Here’s a short clear article on the science of morality by Dick Swaab published in NRC Handlesbad. Swaab is a professor of neurobiology at the University of Amsterdam and is associated with the Nederlands Institute for Neuroscience. He writes a weekly column for NRC Handelsblad. (See the original at The evolution of human morality).
Moral laws were not invented by religions but taken over by them, after they had evolved for social animals, including man. These rules promote teamwork and mutual support within a social group. They act as a social contract imposing many restrictions on the individual.
Darwin’s moral psychology (1859), consequently, was not based on an egotistical competition between individuals but on social involvement within the group. During the course of evolution, the benefit of helping each other developed from the loving care exhibited by parents towards their offspring. This was then expanded to apply to others of their kind according to the principle: do unto others, as you would have others do unto you. At a certain moment sympathising with the other became a goal in itself. Finally, this product of millions of years of evolution turned into a cornerstone of human morality that was recently, a couple of thousand years ago, incorporated in religions. It is thus rather cynical to ascertain that having a common enemy is the strongest stimulus for community spirit, a mechanism that many world leaders have exploited.
Inherent in the biological aim of morality – promoting cooperation – is the notion that members of your own group receive preferential treatment. First of all, there is the loyalty to one’s own family, the blood relatives and the community, as a moral duty. Once the survival and health of the nearest and dearest are assured, then the circle of loyalty can be expanded: ’First food, then morality,’ as playwright Bertolt Brecht wrote. Nowadays, we are doing so well that the circle of loyalty has expanded to include the EU, the West, the Third World and animal welfare, and even our enemies since the Geneva Convention of 1949. The necessity for doing so was, however, already noted much earlier. In the third century BC the Chinese philosopher Mozi sighed when he saw all the destruction caused by war: ’What is the path to universal love and mutual benefit? When no one covets other countries as his own.’
Although tests show no significant difference in the moral choices made by atheists or believers, the Intelligent Design (ID) movement claims that moral behaviour is something unique to man and derives from religion, especially Christianity. In professor Cees Dekker’s book about Intelligent Design (2005) the ID-adherent and editor of books on theology and science, professor Jitse van der Meer says, ’(…) humans are the only primate which can think about moral standards’. Biologist Frans de Waal, an expert in this field, has shown that people don’t usually think at all about moral acts. Action is taken quickly and instinctively from a strong biological basis. Then humans think up a reason for what they unconsciously did in a flash.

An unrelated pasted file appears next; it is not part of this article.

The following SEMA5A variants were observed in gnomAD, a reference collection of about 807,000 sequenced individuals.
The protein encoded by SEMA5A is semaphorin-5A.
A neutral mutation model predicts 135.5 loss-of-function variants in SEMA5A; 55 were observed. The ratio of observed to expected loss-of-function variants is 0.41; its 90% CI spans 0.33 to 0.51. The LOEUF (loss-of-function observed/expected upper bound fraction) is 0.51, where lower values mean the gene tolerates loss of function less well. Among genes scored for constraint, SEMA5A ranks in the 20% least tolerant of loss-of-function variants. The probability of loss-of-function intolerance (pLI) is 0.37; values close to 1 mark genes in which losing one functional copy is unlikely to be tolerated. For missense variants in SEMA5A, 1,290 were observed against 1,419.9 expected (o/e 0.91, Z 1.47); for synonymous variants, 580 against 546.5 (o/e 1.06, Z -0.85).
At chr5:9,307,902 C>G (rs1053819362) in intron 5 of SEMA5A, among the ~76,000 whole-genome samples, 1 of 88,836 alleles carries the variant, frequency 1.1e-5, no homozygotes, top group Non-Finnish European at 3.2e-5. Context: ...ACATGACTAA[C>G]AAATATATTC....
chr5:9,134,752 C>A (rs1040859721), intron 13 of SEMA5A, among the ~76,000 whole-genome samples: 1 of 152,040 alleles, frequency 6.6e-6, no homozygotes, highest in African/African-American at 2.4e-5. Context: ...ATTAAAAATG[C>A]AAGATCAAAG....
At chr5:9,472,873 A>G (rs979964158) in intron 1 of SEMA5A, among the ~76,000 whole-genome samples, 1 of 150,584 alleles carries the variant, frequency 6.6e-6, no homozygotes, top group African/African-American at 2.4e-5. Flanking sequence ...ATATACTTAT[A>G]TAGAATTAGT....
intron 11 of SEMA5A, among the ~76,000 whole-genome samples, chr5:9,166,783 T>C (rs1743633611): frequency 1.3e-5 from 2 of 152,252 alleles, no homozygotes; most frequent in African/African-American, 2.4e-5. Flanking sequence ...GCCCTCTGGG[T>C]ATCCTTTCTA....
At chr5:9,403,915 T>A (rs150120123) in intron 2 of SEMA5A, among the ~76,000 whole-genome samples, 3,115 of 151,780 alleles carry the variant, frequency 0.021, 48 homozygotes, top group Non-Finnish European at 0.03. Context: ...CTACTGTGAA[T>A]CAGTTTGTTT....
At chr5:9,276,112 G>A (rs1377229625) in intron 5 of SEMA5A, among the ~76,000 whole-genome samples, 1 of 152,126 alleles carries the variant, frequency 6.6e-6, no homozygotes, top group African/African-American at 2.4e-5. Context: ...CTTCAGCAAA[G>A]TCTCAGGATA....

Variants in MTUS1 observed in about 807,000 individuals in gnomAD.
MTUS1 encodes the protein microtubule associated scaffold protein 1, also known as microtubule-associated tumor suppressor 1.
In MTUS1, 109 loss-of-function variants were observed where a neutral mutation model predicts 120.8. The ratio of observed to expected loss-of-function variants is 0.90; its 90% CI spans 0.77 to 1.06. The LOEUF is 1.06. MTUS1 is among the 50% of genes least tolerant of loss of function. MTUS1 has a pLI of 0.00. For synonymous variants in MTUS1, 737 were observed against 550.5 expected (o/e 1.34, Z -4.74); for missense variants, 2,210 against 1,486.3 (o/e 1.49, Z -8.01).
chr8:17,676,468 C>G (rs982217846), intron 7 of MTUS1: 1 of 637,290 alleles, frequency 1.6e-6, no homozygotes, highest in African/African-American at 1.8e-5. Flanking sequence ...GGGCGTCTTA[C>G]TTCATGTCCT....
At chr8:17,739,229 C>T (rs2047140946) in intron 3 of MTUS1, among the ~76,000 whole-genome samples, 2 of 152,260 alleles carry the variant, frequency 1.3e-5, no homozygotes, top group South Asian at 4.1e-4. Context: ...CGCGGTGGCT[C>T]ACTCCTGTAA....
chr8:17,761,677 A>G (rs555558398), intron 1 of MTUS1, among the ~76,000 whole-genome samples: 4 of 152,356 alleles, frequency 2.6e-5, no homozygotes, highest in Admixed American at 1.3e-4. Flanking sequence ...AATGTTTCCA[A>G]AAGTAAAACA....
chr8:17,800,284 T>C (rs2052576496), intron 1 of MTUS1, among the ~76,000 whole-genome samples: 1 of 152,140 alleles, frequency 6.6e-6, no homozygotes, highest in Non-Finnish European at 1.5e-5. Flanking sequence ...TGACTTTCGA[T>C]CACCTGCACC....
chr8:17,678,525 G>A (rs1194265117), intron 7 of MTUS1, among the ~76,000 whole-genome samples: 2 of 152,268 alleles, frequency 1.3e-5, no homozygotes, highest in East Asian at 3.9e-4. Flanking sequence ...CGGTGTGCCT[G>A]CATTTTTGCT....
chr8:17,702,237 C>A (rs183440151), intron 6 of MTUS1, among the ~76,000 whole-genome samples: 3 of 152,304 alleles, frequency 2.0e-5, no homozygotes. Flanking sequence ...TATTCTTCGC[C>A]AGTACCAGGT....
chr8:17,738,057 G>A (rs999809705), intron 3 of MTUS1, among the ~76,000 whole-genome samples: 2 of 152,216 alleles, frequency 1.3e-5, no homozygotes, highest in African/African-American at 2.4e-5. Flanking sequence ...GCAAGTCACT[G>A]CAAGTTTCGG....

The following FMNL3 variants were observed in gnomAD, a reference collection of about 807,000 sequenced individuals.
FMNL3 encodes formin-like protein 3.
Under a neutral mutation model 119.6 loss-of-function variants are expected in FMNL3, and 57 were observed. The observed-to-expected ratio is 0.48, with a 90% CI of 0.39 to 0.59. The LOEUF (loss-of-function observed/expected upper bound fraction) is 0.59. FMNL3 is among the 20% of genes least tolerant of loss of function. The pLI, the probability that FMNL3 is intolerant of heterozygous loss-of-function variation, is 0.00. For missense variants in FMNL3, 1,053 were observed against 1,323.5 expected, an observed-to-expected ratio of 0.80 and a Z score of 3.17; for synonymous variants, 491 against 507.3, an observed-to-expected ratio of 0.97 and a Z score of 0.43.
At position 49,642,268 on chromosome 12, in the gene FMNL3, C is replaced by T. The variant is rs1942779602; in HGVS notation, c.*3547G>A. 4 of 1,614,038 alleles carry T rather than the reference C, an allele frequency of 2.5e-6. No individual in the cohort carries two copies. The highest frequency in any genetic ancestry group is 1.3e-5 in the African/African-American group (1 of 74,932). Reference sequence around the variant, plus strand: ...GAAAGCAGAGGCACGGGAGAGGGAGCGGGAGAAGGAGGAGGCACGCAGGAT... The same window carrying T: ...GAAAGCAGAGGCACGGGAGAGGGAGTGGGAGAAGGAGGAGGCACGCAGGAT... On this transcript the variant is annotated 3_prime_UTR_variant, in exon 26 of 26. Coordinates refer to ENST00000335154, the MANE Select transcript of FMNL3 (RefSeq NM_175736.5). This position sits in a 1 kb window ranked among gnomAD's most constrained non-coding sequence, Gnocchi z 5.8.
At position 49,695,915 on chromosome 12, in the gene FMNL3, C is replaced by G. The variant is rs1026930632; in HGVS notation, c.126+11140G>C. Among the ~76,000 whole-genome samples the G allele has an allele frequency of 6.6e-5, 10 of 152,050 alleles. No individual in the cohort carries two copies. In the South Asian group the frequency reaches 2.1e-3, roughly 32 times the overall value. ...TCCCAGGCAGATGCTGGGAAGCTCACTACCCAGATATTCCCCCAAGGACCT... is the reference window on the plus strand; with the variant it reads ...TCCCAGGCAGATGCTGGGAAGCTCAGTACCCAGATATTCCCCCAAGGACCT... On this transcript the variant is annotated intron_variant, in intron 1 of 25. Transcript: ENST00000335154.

Our moral values evolved over the course of millions of years, based on unconscious universal values. Moral behaviour is evident already early in development, which together with the moral behaviour of animals forms an argument for the biological basis of this behaviour. Young children comfort family members in pain before they have developed the ability to talk or to think about moral standards, just like primates comfort each other. When adults pretend to be sad, a child of 1-2 years old will comfort them. And not only children; pets also displayed comforting behaviour during the same experiment.
Chimpanzees can display altruistic behaviour, just like children 18 months old, without being rewarded in the short or long term. They can pass another chimpanzee a stick or give a child a pencil, simply because the other can’t reach it. They will also repeat this action, without receiving any reward. So the roots of our altruistic behaviour extend a long way back.
There is thus no basis for what the ID-adherent Van der Meer says (in Dekker et al., 2005): ’Good behaviour has no biological basis, but has to be learned because it is not inborn and thus things can go wrong.’ It is incomprehensible that the wonderful primate studies conducted by De Waal and others on the biological basis of social behaviour fall under what ID-adherent and molecular biologist professor Henk Jochemsen in Dekker’s boek (2005) describes as ’the reduction of the life sciences and social sciences into specialties of biology’. Putting your viewpoints a little more into perspective wouldn’t hurt, ID-adherents!